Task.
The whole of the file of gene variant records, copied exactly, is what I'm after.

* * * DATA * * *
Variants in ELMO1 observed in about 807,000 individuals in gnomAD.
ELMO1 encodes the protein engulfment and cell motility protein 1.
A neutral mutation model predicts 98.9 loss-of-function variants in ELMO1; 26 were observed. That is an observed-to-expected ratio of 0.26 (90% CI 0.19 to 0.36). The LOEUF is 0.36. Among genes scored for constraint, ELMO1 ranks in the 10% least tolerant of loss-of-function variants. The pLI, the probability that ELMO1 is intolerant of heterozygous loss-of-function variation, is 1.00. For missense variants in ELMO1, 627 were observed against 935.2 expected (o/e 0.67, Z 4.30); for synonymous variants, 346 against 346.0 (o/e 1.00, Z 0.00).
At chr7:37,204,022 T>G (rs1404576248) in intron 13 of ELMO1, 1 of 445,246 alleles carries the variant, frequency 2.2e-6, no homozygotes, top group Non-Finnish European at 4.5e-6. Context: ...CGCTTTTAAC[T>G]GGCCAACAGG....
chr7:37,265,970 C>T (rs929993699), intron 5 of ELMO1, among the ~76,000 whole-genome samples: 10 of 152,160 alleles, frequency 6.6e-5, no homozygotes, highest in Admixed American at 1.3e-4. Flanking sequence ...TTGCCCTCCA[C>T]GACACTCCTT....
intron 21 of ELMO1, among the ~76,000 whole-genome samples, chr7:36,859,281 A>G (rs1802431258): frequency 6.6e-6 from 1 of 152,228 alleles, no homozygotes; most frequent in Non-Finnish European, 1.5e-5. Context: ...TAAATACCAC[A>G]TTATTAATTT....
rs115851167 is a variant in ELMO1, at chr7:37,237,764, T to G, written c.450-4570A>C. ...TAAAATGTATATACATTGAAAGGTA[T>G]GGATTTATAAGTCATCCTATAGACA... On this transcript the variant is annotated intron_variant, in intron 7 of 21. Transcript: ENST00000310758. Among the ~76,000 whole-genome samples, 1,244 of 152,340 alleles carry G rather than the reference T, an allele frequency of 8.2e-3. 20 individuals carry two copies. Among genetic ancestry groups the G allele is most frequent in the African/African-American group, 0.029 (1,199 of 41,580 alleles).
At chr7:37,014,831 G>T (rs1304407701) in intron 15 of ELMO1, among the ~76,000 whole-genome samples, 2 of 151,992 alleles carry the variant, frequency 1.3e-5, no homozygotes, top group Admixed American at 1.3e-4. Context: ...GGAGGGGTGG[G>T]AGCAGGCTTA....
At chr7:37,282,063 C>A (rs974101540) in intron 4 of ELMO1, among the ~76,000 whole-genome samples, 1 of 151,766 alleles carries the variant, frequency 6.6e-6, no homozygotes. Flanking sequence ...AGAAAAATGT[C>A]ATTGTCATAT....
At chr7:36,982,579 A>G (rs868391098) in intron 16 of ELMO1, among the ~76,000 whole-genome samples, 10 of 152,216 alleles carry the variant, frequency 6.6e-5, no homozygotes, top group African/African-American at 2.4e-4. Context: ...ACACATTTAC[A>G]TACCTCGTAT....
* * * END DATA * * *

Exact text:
Variants in ELMO1 observed in about 807,000 individuals in gnomAD.
ELMO1 encodes the protein engulfment and cell motility protein 1.
A neutral mutation model predicts 98.9 loss-of-function variants in ELMO1; 26 were observed. That is an observed-to-expected ratio of 0.26 (90% CI 0.19 to 0.36). The LOEUF is 0.36. Among genes scored for constraint, ELMO1 ranks in the 10% least tolerant of loss-of-function variants. The pLI, the probability that ELMO1 is intolerant of heterozygous loss-of-function variation, is 1.00. For missense variants in ELMO1, 627 were observed against 935.2 expected (o/e 0.67, Z 4.30); for synonymous variants, 346 against 346.0 (o/e 1.00, Z 0.00).
At chr7:37,204,022 T>G (rs1404576248) in intron 13 of ELMO1, 1 of 445,246 alleles carries the variant, frequency 2.2e-6, no homozygotes, top group Non-Finnish European at 4.5e-6. Context: ...CGCTTTTAAC[T>G]GGCCAACAGG....
chr7:37,265,970 C>T (rs929993699), intron 5 of ELMO1, among the ~76,000 whole-genome samples: 10 of 152,160 alleles, frequency 6.6e-5, no homozygotes, highest in Admixed American at 1.3e-4. Flanking sequence ...TTGCCCTCCA[C>T]GACACTCCTT....
intron 21 of ELMO1, among the ~76,000 whole-genome samples, chr7:36,859,281 A>G (rs1802431258): frequency 6.6e-6 from 1 of 152,228 alleles, no homozygotes; most frequent in Non-Finnish European, 1.5e-5. Context: ...TAAATACCAC[A>G]TTATTAATTT....
rs115851167 is a variant in ELMO1, at chr7:37,237,764, T to G, written c.450-4570A>C. ...TAAAATGTATATACATTGAAAGGTA[T>G]GGATTTATAAGTCATCCTATAGACA... On this transcript the variant is annotated intron_variant, in intron 7 of 21. Transcript: ENST00000310758. Among the ~76,000 whole-genome samples, 1,244 of 152,340 alleles carry G rather than the reference T, an allele frequency of 8.2e-3. 20 individuals carry two copies. Among genetic ancestry groups the G allele is most frequent in the African/African-American group, 0.029 (1,199 of 41,580 alleles).
At chr7:37,014,831 G>T (rs1304407701) in intron 15 of ELMO1, among the ~76,000 whole-genome samples, 2 of 151,992 alleles carry the variant, frequency 1.3e-5, no homozygotes, top group Admixed American at 1.3e-4. Context: ...GGAGGGGTGG[G>T]AGCAGGCTTA....
At chr7:37,282,063 C>A (rs974101540) in intron 4 of ELMO1, among the ~76,000 whole-genome samples, 1 of 151,766 alleles carries the variant, frequency 6.6e-6, no homozygotes. Flanking sequence ...AGAAAAATGT[C>A]ATTGTCATAT....
At chr7:36,982,579 A>G (rs868391098) in intron 16 of ELMO1, among the ~76,000 whole-genome samples, 10 of 152,216 alleles carry the variant, frequency 6.6e-5, no homozygotes, top group African/African-American at 2.4e-4. Context: ...ACACATTTAC[A>G]TACCTCGTAT....